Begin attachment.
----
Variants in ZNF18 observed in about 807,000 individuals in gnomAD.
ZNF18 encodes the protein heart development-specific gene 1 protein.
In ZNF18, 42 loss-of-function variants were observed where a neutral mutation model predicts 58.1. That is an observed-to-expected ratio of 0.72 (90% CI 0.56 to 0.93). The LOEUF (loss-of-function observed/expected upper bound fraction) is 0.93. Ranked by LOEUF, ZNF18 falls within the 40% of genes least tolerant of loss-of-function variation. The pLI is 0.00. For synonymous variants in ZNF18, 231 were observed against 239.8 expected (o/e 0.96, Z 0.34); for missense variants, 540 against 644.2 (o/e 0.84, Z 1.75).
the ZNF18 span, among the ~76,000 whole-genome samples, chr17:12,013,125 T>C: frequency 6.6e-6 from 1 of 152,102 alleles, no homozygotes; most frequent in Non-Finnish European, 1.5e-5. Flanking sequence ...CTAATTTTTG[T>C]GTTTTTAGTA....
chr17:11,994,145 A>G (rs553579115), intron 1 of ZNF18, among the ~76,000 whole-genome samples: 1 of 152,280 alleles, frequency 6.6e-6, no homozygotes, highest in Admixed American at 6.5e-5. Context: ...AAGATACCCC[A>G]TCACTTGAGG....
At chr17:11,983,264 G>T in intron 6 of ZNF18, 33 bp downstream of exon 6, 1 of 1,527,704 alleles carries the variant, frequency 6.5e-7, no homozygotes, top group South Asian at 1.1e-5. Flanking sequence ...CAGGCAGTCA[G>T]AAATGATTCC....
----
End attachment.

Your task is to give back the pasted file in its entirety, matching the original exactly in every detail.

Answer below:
Variants in ZNF18 observed in about 807,000 individuals in gnomAD.
ZNF18 encodes the protein heart development-specific gene 1 protein.
In ZNF18, 42 loss-of-function variants were observed where a neutral mutation model predicts 58.1. That is an observed-to-expected ratio of 0.72 (90% CI 0.56 to 0.93). The LOEUF (loss-of-function observed/expected upper bound fraction) is 0.93. Ranked by LOEUF, ZNF18 falls within the 40% of genes least tolerant of loss-of-function variation. The pLI is 0.00. For synonymous variants in ZNF18, 231 were observed against 239.8 expected (o/e 0.96, Z 0.34); for missense variants, 540 against 644.2 (o/e 0.84, Z 1.75).
the ZNF18 span, among the ~76,000 whole-genome samples, chr17:12,013,125 T>C: frequency 6.6e-6 from 1 of 152,102 alleles, no homozygotes; most frequent in Non-Finnish European, 1.5e-5. Flanking sequence ...CTAATTTTTG[T>C]GTTTTTAGTA....
chr17:11,994,145 A>G (rs553579115), intron 1 of ZNF18, among the ~76,000 whole-genome samples: 1 of 152,280 alleles, frequency 6.6e-6, no homozygotes, highest in Admixed American at 6.5e-5. Context: ...AAGATACCCC[A>G]TCACTTGAGG....
At chr17:11,983,264 G>T in intron 6 of ZNF18, 33 bp downstream of exon 6, 1 of 1,527,704 alleles carries the variant, frequency 6.5e-7, no homozygotes, top group South Asian at 1.1e-5. Flanking sequence ...CAGGCAGTCA[G>T]AAATGATTCC....